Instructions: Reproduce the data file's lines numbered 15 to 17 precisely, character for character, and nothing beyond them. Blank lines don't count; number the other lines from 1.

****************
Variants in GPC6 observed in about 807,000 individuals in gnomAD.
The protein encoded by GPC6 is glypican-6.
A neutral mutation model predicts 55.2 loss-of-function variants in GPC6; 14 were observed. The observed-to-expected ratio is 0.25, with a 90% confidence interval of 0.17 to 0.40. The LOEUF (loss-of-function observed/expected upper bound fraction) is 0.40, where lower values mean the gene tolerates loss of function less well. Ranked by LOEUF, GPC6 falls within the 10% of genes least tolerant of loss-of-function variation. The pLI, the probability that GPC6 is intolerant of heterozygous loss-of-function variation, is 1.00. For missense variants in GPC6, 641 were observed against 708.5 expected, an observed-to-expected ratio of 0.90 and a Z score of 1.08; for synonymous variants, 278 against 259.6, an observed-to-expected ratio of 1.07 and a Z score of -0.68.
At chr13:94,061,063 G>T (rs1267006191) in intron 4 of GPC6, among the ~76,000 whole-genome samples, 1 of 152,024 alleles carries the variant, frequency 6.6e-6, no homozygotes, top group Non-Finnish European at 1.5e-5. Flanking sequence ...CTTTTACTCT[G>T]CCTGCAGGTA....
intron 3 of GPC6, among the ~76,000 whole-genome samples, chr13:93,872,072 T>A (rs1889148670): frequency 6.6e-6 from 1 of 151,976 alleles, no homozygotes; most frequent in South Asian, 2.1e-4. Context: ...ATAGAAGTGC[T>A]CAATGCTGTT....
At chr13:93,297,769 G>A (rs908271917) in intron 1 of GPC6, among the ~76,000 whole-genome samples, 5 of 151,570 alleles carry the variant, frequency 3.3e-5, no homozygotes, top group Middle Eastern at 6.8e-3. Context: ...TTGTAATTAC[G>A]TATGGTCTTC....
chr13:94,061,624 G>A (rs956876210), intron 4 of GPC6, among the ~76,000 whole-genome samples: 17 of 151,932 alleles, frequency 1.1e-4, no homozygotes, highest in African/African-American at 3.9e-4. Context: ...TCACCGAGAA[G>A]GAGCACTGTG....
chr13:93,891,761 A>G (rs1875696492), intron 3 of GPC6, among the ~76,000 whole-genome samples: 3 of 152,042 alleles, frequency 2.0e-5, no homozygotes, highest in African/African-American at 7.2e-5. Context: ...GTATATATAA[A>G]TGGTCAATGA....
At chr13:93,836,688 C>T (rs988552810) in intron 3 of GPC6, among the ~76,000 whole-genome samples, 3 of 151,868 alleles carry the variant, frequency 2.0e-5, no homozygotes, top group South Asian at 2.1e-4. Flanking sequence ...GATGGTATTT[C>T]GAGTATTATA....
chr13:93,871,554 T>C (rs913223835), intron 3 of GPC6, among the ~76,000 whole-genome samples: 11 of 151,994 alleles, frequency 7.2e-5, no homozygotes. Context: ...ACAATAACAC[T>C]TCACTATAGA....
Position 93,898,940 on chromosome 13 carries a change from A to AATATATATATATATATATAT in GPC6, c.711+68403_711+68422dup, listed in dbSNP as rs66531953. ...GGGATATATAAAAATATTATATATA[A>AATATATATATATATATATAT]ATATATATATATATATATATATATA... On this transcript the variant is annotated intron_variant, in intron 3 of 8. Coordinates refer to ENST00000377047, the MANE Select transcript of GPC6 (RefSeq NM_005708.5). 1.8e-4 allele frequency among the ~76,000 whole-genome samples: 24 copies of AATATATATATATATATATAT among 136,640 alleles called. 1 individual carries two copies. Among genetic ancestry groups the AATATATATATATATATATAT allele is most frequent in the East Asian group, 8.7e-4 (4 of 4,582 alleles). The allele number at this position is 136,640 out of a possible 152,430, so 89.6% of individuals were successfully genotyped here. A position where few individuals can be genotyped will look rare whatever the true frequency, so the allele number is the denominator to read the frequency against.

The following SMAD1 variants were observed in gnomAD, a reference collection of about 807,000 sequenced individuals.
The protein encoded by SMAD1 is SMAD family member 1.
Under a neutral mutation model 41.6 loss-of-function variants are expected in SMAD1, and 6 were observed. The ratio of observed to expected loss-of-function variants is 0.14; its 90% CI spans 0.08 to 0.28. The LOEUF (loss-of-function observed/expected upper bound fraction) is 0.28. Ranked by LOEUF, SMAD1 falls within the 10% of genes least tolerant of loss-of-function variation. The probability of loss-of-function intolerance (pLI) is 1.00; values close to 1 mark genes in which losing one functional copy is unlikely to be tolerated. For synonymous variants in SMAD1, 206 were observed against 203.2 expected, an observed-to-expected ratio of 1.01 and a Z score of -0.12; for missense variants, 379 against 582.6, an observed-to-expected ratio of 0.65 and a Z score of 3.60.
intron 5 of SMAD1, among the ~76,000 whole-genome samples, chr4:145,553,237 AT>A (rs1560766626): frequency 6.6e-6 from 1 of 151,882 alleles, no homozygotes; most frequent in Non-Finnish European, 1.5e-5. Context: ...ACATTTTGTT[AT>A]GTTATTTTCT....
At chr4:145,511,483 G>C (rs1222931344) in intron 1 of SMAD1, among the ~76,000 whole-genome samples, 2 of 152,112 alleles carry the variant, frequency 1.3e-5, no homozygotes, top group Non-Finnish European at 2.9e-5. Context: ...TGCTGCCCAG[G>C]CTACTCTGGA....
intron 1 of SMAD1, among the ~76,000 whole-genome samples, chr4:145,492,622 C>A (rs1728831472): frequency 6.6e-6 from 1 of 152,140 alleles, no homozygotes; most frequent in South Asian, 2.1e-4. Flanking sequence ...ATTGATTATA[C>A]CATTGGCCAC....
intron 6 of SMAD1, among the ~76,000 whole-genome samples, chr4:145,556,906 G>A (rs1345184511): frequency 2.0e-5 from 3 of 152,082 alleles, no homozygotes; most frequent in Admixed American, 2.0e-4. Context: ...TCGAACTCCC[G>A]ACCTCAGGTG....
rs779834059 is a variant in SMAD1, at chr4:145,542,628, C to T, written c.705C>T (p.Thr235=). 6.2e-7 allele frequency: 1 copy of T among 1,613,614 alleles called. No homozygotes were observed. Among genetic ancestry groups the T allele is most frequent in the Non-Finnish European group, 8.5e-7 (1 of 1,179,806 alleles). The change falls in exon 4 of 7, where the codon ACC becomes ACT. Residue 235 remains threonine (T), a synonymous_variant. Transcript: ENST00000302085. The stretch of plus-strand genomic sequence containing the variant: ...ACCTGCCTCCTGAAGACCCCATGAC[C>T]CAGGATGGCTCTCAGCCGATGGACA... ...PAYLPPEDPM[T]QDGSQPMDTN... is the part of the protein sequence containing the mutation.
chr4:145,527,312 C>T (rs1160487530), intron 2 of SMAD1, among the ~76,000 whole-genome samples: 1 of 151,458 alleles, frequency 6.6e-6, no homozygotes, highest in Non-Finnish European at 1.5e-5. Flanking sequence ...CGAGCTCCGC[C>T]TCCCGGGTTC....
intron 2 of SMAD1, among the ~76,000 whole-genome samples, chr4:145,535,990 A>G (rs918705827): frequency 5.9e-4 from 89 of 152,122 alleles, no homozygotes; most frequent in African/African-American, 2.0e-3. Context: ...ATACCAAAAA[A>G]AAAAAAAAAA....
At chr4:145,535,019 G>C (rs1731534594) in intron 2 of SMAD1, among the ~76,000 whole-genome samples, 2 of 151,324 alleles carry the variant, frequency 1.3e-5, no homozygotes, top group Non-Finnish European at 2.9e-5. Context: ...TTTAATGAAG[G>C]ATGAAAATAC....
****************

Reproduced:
intron 5 of SMAD1, among the ~76,000 whole-genome samples, chr4:145,553,237 AT>A (rs1560766626): frequency 6.6e-6 from 1 of 151,882 alleles, no homozygotes; most frequent in Non-Finnish European, 1.5e-5. Context: ...ACATTTTGTT[AT>A]GTTATTTTCT....
At chr4:145,511,483 G>C (rs1222931344) in intron 1 of SMAD1, among the ~76,000 whole-genome samples, 2 of 152,112 alleles carry the variant, frequency 1.3e-5, no homozygotes, top group Non-Finnish European at 2.9e-5. Context: ...TGCTGCCCAG[G>C]CTACTCTGGA....
intron 1 of SMAD1, among the ~76,000 whole-genome samples, chr4:145,492,622 C>A (rs1728831472): frequency 6.6e-6 from 1 of 152,140 alleles, no homozygotes; most frequent in South Asian, 2.1e-4. Flanking sequence ...ATTGATTATA[C>A]CATTGGCCAC....